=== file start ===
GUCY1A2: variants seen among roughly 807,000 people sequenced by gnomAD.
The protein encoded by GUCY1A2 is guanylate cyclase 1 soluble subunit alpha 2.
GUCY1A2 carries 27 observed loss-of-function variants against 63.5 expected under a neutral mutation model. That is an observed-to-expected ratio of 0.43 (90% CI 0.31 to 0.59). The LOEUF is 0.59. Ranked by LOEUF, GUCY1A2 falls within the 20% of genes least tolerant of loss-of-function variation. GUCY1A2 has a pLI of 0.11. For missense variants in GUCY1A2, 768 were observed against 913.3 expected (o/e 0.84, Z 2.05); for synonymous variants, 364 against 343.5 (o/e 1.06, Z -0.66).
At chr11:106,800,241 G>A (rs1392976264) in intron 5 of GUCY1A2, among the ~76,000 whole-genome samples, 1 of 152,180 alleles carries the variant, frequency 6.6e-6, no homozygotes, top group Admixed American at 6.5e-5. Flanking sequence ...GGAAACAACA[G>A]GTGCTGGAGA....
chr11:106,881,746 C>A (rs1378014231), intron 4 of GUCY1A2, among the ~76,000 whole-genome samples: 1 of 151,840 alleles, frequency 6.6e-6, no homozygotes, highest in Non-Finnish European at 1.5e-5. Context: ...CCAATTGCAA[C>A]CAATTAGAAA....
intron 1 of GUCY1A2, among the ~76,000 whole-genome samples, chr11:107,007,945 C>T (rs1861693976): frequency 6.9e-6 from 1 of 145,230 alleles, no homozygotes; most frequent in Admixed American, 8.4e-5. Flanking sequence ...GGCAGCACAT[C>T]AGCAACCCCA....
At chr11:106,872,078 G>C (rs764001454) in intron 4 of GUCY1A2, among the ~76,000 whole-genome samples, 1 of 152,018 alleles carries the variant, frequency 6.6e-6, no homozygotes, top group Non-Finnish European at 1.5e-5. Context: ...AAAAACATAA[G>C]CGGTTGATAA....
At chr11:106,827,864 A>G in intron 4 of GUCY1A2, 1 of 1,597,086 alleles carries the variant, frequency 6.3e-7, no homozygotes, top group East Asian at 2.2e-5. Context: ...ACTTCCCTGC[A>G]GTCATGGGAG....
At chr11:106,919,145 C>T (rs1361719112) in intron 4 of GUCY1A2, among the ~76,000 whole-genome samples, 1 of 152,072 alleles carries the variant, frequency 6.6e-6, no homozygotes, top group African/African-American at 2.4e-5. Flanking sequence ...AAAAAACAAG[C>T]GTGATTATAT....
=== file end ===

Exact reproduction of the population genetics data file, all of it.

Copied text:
GUCY1A2: variants seen among roughly 807,000 people sequenced by gnomAD.
The protein encoded by GUCY1A2 is guanylate cyclase 1 soluble subunit alpha 2.
GUCY1A2 carries 27 observed loss-of-function variants against 63.5 expected under a neutral mutation model. That is an observed-to-expected ratio of 0.43 (90% CI 0.31 to 0.59). The LOEUF is 0.59. Ranked by LOEUF, GUCY1A2 falls within the 20% of genes least tolerant of loss-of-function variation. GUCY1A2 has a pLI of 0.11. For missense variants in GUCY1A2, 768 were observed against 913.3 expected (o/e 0.84, Z 2.05); for synonymous variants, 364 against 343.5 (o/e 1.06, Z -0.66).
At chr11:106,800,241 G>A (rs1392976264) in intron 5 of GUCY1A2, among the ~76,000 whole-genome samples, 1 of 152,180 alleles carries the variant, frequency 6.6e-6, no homozygotes, top group Admixed American at 6.5e-5. Flanking sequence ...GGAAACAACA[G>A]GTGCTGGAGA....
chr11:106,881,746 C>A (rs1378014231), intron 4 of GUCY1A2, among the ~76,000 whole-genome samples: 1 of 151,840 alleles, frequency 6.6e-6, no homozygotes, highest in Non-Finnish European at 1.5e-5. Context: ...CCAATTGCAA[C>A]CAATTAGAAA....
intron 1 of GUCY1A2, among the ~76,000 whole-genome samples, chr11:107,007,945 C>T (rs1861693976): frequency 6.9e-6 from 1 of 145,230 alleles, no homozygotes; most frequent in Admixed American, 8.4e-5. Flanking sequence ...GGCAGCACAT[C>T]AGCAACCCCA....
At chr11:106,872,078 G>C (rs764001454) in intron 4 of GUCY1A2, among the ~76,000 whole-genome samples, 1 of 152,018 alleles carries the variant, frequency 6.6e-6, no homozygotes, top group Non-Finnish European at 1.5e-5. Context: ...AAAAACATAA[G>C]CGGTTGATAA....
At chr11:106,827,864 A>G in intron 4 of GUCY1A2, 1 of 1,597,086 alleles carries the variant, frequency 6.3e-7, no homozygotes, top group East Asian at 2.2e-5. Context: ...ACTTCCCTGC[A>G]GTCATGGGAG....
At chr11:106,919,145 C>T (rs1361719112) in intron 4 of GUCY1A2, among the ~76,000 whole-genome samples, 1 of 152,072 alleles carries the variant, frequency 6.6e-6, no homozygotes, top group African/African-American at 2.4e-5. Flanking sequence ...AAAAAACAAG[C>T]GTGATTATAT....